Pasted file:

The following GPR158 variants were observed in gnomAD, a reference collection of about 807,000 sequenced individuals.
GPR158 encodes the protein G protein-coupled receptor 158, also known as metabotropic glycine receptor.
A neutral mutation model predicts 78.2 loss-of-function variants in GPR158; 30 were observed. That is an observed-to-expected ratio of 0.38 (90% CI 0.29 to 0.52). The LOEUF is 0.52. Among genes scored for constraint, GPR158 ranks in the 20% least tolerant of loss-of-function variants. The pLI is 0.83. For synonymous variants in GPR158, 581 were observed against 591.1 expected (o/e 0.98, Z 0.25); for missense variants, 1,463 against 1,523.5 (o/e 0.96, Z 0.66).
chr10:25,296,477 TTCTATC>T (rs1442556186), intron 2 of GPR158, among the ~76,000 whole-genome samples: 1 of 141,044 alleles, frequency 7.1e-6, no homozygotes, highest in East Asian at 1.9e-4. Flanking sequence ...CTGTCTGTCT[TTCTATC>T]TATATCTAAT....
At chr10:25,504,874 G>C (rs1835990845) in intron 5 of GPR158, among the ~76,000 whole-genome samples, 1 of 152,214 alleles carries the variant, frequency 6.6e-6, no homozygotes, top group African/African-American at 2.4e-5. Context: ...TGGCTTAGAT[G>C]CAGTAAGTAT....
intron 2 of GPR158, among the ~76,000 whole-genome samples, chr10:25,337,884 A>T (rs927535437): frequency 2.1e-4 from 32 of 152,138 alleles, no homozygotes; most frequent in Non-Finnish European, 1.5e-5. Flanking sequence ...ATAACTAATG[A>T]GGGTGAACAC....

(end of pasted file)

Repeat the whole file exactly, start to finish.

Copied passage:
The following GPR158 variants were observed in gnomAD, a reference collection of about 807,000 sequenced individuals.
GPR158 encodes the protein G protein-coupled receptor 158, also known as metabotropic glycine receptor.
A neutral mutation model predicts 78.2 loss-of-function variants in GPR158; 30 were observed. That is an observed-to-expected ratio of 0.38 (90% CI 0.29 to 0.52). The LOEUF is 0.52. Among genes scored for constraint, GPR158 ranks in the 20% least tolerant of loss-of-function variants. The pLI is 0.83. For synonymous variants in GPR158, 581 were observed against 591.1 expected (o/e 0.98, Z 0.25); for missense variants, 1,463 against 1,523.5 (o/e 0.96, Z 0.66).
chr10:25,296,477 TTCTATC>T (rs1442556186), intron 2 of GPR158, among the ~76,000 whole-genome samples: 1 of 141,044 alleles, frequency 7.1e-6, no homozygotes, highest in East Asian at 1.9e-4. Flanking sequence ...CTGTCTGTCT[TTCTATC>T]TATATCTAAT....
At chr10:25,504,874 G>C (rs1835990845) in intron 5 of GPR158, among the ~76,000 whole-genome samples, 1 of 152,214 alleles carries the variant, frequency 6.6e-6, no homozygotes, top group African/African-American at 2.4e-5. Context: ...TGGCTTAGAT[G>C]CAGTAAGTAT....
intron 2 of GPR158, among the ~76,000 whole-genome samples, chr10:25,337,884 A>T (rs927535437): frequency 2.1e-4 from 32 of 152,138 alleles, no homozygotes; most frequent in Non-Finnish European, 1.5e-5. Flanking sequence ...ATAACTAATG[A>T]GGGTGAACAC....